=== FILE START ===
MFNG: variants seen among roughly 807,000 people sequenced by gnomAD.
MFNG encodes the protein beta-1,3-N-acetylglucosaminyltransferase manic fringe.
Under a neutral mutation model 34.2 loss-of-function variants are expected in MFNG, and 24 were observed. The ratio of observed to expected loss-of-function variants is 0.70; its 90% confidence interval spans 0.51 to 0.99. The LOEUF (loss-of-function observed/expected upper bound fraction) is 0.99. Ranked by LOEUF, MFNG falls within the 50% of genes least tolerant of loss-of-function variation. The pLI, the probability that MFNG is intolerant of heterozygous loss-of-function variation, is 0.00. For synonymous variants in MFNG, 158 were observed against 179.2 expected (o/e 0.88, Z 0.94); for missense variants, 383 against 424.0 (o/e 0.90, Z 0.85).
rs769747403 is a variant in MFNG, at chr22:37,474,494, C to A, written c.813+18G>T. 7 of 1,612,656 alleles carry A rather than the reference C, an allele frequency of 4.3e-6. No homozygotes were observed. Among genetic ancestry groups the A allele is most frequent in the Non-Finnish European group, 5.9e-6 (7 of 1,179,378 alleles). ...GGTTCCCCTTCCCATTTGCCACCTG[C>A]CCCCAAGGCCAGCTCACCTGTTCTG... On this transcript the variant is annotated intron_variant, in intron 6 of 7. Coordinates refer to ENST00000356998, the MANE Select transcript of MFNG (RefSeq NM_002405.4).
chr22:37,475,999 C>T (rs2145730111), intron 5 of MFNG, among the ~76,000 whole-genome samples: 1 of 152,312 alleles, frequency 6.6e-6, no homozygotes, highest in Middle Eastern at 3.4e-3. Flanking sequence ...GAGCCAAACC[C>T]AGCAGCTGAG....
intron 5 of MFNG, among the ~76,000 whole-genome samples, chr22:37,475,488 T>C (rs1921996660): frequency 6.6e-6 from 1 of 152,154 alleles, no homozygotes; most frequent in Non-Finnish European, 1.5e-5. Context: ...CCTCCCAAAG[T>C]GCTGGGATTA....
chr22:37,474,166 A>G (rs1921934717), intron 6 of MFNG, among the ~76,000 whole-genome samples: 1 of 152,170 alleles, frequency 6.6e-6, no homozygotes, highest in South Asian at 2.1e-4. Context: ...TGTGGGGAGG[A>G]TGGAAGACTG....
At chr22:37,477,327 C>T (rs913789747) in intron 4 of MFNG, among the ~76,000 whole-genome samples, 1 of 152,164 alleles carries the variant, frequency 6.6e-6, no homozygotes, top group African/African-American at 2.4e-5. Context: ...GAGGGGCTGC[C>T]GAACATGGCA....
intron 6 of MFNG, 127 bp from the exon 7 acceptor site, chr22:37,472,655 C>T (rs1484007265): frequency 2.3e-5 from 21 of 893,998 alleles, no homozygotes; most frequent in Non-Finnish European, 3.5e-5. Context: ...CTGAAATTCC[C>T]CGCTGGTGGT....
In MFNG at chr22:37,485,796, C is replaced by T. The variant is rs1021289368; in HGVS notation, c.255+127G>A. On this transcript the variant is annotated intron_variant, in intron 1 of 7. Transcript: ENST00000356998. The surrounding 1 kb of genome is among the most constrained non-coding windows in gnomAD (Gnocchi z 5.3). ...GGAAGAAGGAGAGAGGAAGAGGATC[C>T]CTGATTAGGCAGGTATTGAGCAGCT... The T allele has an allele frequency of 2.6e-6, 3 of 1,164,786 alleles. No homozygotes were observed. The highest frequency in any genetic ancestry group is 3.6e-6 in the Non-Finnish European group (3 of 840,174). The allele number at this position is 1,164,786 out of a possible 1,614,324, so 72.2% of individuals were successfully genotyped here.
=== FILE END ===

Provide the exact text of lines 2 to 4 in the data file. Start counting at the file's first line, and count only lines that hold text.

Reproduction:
MFNG encodes the protein beta-1,3-N-acetylglucosaminyltransferase manic fringe.
Under a neutral mutation model 34.2 loss-of-function variants are expected in MFNG, and 24 were observed. The ratio of observed to expected loss-of-function variants is 0.70; its 90% confidence interval spans 0.51 to 0.99. The LOEUF (loss-of-function observed/expected upper bound fraction) is 0.99. Ranked by LOEUF, MFNG falls within the 50% of genes least tolerant of loss-of-function variation. The pLI, the probability that MFNG is intolerant of heterozygous loss-of-function variation, is 0.00. For synonymous variants in MFNG, 158 were observed against 179.2 expected (o/e 0.88, Z 0.94); for missense variants, 383 against 424.0 (o/e 0.90, Z 0.85).
rs769747403 is a variant in MFNG, at chr22:37,474,494, C to A, written c.813+18G>T. 7 of 1,612,656 alleles carry A rather than the reference C, an allele frequency of 4.3e-6. No homozygotes were observed. Among genetic ancestry groups the A allele is most frequent in the Non-Finnish European group, 5.9e-6 (7 of 1,179,378 alleles). ...GGTTCCCCTTCCCATTTGCCACCTG[C>A]CCCCAAGGCCAGCTCACCTGTTCTG... On this transcript the variant is annotated intron_variant, in intron 6 of 7. Coordinates refer to ENST00000356998, the MANE Select transcript of MFNG (RefSeq NM_002405.4).